After the Virginia Tech shootings earlier this week, the media have been scrambling to try to find out more about the shooter. What was he like? What did he do? What caused him to step over the line?
Then, NBC got a video tape mailed by the shooter. After they debated their options, they decided to turn the original over to authorities after they made a copy to show on the air. People, including families of the victims, were outraged. By the same token, NBC had a golden opportunity for a scoop, and in today's ultra-competitive world, every ratings point counts.
People have weighed in on whether NBC should have run the tape, but few have the perspective of someone who controls the content of a media outlet. Although my website doesn't get the traffic of NBC, I do have control over the content on the site, so I feel qualified to speak to this controversy.
In journalism school, I was taught that getting a story at the expense of the feelings of others The classic example is the photojournalist who took a great picture of a man who had just drowned and his grieving wife. At some point, there needs to be a value judgment made. Sure, the picture could make the photojournalist and the newspaper he/she works for famous, but at what price? Does the public really need to see the suffering of the woman?
In today's news environment, the answer to those questions are a) at any price, and b) absolutely. NBC says they weighed the pros and cons of airing the tape, and I wasn't privy to their debate, so I can't say one way or the other how intensely they considered these questions.
What I can say is that I think their decision to run the tape was wrong. Nothing good can come from evil, especially not an evil like we saw at Virginia Tech. Thirty-two people lost their lives at the hands of one mentally disturbed young man armed with handguns. His words and pictures served no real purpose and could only widen the wounds we all felt as he shot the students in cold blood. If I were someone in charge at NBC, I would have turned over the tape and pictures to the authorities, gone on the air, and said the following:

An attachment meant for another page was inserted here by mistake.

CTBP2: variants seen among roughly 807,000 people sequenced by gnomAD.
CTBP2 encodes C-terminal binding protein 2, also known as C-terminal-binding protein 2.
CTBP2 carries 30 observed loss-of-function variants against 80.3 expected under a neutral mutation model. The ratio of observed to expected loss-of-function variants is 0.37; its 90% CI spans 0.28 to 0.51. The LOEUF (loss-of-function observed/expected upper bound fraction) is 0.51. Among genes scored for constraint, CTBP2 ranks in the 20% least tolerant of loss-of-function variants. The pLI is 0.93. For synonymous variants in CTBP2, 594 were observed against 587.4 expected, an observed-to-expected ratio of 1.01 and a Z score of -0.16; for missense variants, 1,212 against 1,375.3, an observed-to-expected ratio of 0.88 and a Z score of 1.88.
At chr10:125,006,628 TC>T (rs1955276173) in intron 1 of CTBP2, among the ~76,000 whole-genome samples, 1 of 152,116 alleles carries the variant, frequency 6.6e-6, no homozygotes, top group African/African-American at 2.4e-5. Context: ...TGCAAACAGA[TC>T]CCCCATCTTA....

"Ladies and gentlemen, the Virginia Tech shooter sent us photographs and a video tape of his cruel exploits that cost 32 people their lives. It is news. We had every right to show it to you. And we would have been the only major network who could show it to you. But we won't because nothing good would come of it. We would be giving the shooter publicity at the expense of the families and friends of the slain, and that is something we cannot in good conscience do. We have turned the tape and photos over to the authorities because they will do more with this material than we could and should. There will be people who will criticize and malign our decision not to show the footage. We will meet their criticism with a proud and resolute heart because we will know that we didn't inflict more pain in the pursuit of a story that is painful enough as it is."
That's what makes great journalists, NBC. Knowing when you don't need to tell a story.